Enter your text here ...Woke up on the bus in Frankfurt feeling a bit rough. Oh dear. Not good at all. With a bit of extra rest, an Aspirin, a walk to get some fresh air and a shower I felt much better and all was fine in time for the soundcheck. Phew. There was a bit of extra pressure on this gig as Steven had decided to film it with a full film crew, not for anything in particular and certainly no plans for a DVD to be released so soon after the last one, but just to have 'in the can'. So we needed to get it right and also soundcheck a bit longer just to make sure that the recording equipment was all functioning 100%.
Anyway, some interesting things happened on the gig. First of all, I have found hearing myself in the monitors quite difficult for my sax solo in 'No Part of Me'. It is during the loud part at the end of the song and there are heavy guitar riffs and the drums go crazy. So although I need to hear myself more, instead of turning me up, we tried turning my whole monitor mix of everything down and hey presto, much better. I could I hear everything more clearly and when we played that song tonight (one of my personal favourites), it felt better than it had done in a while.
Another curious thing occurred to me, which is that with all the very complicated music this band plays with changing time signatures and tricky melodic lines and the big solos I play, the part of the set which I am most nervous about is none of the above but in fact those exposed fragile clarinet notes at the very beginning of Raider 2. Very simple music really, but very exposed, surrounded by silence, and I am, to be honest, less of a clarinet player than a sax player and flautist.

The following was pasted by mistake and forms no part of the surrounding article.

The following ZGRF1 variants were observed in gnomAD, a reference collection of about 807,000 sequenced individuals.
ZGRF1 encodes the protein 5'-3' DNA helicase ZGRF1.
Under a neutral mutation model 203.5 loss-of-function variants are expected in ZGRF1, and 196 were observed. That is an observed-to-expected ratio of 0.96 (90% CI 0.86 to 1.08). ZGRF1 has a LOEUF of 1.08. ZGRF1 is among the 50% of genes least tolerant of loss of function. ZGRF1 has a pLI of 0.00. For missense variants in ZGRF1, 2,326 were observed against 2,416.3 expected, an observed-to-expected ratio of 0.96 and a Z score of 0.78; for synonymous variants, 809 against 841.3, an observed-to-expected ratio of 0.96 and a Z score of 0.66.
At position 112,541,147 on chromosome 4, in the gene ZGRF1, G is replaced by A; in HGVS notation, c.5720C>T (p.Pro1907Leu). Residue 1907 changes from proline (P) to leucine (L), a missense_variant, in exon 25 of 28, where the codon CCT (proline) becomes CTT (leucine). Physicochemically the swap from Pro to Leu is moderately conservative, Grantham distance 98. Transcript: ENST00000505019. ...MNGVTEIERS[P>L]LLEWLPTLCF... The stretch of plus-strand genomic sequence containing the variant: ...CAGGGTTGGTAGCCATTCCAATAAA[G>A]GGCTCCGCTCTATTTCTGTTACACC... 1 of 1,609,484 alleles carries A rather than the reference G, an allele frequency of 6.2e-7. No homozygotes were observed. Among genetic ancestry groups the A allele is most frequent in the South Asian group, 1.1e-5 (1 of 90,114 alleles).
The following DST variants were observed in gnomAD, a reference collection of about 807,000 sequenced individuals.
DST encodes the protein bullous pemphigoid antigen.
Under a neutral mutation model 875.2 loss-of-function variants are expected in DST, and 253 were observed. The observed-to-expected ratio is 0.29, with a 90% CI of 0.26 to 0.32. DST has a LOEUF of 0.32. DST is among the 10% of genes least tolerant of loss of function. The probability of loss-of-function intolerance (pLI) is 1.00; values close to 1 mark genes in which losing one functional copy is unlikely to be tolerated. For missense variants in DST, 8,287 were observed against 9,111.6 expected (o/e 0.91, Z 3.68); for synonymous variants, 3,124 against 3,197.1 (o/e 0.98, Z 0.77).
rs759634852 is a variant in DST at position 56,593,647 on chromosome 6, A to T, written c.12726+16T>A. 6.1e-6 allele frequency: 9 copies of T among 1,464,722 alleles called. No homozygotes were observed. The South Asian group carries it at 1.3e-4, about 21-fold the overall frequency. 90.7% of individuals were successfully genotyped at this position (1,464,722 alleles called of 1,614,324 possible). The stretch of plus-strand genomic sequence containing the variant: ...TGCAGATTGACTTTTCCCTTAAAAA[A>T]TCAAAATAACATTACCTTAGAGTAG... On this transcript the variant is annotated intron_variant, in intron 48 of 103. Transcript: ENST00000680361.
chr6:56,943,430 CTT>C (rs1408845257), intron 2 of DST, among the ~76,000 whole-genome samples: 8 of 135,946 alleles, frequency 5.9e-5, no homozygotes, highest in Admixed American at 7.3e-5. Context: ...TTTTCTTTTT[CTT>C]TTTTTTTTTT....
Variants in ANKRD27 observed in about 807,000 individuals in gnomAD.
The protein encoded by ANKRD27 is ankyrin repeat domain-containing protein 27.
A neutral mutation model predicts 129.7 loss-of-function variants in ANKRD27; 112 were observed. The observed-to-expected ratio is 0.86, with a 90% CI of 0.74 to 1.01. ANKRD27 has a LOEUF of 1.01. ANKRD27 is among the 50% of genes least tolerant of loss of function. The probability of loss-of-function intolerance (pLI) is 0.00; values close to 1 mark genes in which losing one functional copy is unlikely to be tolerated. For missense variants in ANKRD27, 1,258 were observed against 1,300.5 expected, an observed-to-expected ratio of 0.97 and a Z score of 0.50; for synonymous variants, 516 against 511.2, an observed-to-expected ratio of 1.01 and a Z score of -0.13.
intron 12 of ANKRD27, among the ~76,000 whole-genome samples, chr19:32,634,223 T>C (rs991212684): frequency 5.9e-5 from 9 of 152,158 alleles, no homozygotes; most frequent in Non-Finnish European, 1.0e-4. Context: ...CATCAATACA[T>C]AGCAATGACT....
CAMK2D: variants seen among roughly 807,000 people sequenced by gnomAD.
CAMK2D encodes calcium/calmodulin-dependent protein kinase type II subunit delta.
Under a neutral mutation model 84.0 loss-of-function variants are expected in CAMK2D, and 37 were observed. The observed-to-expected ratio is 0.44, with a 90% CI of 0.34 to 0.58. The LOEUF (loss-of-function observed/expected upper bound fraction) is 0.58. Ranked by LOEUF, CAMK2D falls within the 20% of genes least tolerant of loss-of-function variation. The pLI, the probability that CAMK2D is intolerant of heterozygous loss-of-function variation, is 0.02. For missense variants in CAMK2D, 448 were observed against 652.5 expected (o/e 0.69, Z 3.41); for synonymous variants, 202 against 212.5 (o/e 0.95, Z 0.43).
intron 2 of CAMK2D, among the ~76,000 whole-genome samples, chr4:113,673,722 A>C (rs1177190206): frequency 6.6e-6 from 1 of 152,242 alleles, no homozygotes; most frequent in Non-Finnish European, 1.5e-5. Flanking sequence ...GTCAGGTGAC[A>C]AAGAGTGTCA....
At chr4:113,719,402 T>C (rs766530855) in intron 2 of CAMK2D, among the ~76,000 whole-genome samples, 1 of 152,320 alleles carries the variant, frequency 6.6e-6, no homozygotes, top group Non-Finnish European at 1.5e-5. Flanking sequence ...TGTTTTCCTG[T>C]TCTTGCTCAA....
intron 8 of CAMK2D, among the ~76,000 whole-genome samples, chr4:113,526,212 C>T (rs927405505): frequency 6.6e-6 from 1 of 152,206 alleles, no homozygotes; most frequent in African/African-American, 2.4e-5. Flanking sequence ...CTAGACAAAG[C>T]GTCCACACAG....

The soprano sax solo in Raider 2 went fine and during it Steven came over, stood right in front of me and started pointing at the ceiling and around the room with a sort of 'explore the space' kind of gesture. Now I did not mind this at all and in fact looked him in the eye and started improvising following his gestures a little. He smiled back and it took the solo somewhere new and fresh. Then it occurred to me that maybe that is the difference between an improviser and a soloist. The soloist will often have their solo ideas largely prepared, a vocabulary of their 'licks' and favourite patterns and deliver them in a musical way that creates the finished product of 'the solo'. The improviser on the other hand is always open to immediate stimuli and will respond to whatever is going on around them - more like a boxer who has to be 100% alert at all times and change direction on a fraction of a moment's notice. I think that I, like many, am a combination of both but it is interesting how different musicians will clearly tend towards one or other approach and respond in different ways when a curve ball is thrown while they are soloing.
Some amusing heckles and shouts tonight by the audience I think Steven responded well and appropriately too. That is quite an art being able to deal with all that stuff on the fly and in the moment and doing it well.
Incidentally, there was a guest of one member of the band who came to a gig a few days ago but who had not seen him for several years. When he asked what they thought of the gig, they responded in luke warm terms. Not 'it was great', not ' I really appreciate the amazing playing and music', not even 'it is not my thing but it was well done '. More just '.....meh' and a nonchalant shrug of the shoulders. The musician concerned was taken aback and most unimpressed. We all thought this was v. poor and rude - especially with having had a guest ticket. So '....meh' has become a regular band comment and response - applicable in all situations! What was dinner like '....meh' etc. So while hanging around in the dressing room before the gig today I wrote and recorded this little ditty, with extra production input by Guthrie...the 'Meh song'.